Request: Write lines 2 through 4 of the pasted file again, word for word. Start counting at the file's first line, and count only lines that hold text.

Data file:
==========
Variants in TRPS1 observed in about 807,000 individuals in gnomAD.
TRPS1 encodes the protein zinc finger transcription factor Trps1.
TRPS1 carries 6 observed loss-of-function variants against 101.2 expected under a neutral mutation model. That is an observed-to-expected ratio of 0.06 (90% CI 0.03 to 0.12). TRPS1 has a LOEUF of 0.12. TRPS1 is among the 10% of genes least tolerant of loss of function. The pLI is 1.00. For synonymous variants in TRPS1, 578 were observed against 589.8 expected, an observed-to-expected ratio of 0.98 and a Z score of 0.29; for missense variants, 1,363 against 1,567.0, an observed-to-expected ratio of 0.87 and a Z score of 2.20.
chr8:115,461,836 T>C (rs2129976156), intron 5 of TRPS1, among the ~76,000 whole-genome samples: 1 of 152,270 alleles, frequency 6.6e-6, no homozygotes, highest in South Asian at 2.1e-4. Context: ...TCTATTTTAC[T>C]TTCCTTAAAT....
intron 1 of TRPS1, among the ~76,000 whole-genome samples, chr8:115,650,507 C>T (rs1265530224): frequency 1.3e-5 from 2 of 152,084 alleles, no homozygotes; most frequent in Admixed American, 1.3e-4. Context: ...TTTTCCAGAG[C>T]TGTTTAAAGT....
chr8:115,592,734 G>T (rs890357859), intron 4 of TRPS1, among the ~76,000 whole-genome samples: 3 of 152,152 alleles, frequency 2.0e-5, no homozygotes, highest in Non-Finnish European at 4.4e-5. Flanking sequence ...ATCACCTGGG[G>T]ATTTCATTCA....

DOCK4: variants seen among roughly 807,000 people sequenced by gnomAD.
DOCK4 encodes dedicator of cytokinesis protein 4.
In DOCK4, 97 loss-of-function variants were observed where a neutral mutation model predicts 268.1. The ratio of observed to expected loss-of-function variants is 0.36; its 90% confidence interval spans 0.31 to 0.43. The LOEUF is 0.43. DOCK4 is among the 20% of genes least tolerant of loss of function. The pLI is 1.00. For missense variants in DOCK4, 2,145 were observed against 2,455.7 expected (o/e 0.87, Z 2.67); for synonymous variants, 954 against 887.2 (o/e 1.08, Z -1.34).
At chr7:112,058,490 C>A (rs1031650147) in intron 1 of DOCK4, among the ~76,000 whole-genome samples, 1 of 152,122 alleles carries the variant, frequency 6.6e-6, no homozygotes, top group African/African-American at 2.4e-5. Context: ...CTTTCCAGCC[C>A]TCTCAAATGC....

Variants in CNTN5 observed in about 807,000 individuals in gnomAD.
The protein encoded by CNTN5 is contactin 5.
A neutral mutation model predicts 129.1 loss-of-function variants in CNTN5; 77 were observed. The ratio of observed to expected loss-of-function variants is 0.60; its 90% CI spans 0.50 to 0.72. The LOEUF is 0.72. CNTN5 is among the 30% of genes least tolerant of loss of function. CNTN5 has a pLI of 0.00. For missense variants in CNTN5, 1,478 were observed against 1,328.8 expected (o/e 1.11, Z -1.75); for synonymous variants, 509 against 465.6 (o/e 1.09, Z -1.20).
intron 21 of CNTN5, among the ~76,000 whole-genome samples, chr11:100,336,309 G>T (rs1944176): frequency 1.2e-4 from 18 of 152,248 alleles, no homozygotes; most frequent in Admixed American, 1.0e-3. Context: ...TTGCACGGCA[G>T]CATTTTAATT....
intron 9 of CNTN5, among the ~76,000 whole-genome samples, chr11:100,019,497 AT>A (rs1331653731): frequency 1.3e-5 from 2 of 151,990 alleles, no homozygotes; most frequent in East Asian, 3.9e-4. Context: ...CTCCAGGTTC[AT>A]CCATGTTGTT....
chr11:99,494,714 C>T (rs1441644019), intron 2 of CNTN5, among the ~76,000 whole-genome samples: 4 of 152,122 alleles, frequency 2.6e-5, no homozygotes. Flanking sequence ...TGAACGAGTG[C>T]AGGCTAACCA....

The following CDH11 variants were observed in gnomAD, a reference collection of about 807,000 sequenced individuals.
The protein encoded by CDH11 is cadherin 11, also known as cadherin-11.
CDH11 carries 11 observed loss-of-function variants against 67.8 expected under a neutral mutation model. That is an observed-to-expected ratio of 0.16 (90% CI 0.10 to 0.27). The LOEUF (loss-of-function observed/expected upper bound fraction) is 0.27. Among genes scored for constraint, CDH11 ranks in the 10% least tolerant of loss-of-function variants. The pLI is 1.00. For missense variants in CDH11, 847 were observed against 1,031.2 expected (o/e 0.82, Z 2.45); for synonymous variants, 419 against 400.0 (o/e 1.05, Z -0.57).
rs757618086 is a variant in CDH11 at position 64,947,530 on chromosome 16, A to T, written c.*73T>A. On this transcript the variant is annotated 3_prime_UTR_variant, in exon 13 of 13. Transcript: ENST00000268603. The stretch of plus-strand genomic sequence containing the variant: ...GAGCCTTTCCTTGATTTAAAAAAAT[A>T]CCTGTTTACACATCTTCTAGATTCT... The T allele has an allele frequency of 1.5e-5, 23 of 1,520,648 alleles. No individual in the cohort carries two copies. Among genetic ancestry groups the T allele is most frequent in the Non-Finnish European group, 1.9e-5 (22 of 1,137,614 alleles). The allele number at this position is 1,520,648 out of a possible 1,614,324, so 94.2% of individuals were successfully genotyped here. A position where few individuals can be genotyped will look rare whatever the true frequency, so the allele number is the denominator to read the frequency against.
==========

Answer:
TRPS1 encodes the protein zinc finger transcription factor Trps1.
TRPS1 carries 6 observed loss-of-function variants against 101.2 expected under a neutral mutation model. That is an observed-to-expected ratio of 0.06 (90% CI 0.03 to 0.12). TRPS1 has a LOEUF of 0.12. TRPS1 is among the 10% of genes least tolerant of loss of function. The pLI is 1.00. For synonymous variants in TRPS1, 578 were observed against 589.8 expected, an observed-to-expected ratio of 0.98 and a Z score of 0.29; for missense variants, 1,363 against 1,567.0, an observed-to-expected ratio of 0.87 and a Z score of 2.20.
chr8:115,461,836 T>C (rs2129976156), intron 5 of TRPS1, among the ~76,000 whole-genome samples: 1 of 152,270 alleles, frequency 6.6e-6, no homozygotes, highest in South Asian at 2.1e-4. Context: ...TCTATTTTAC[T>C]TTCCTTAAAT....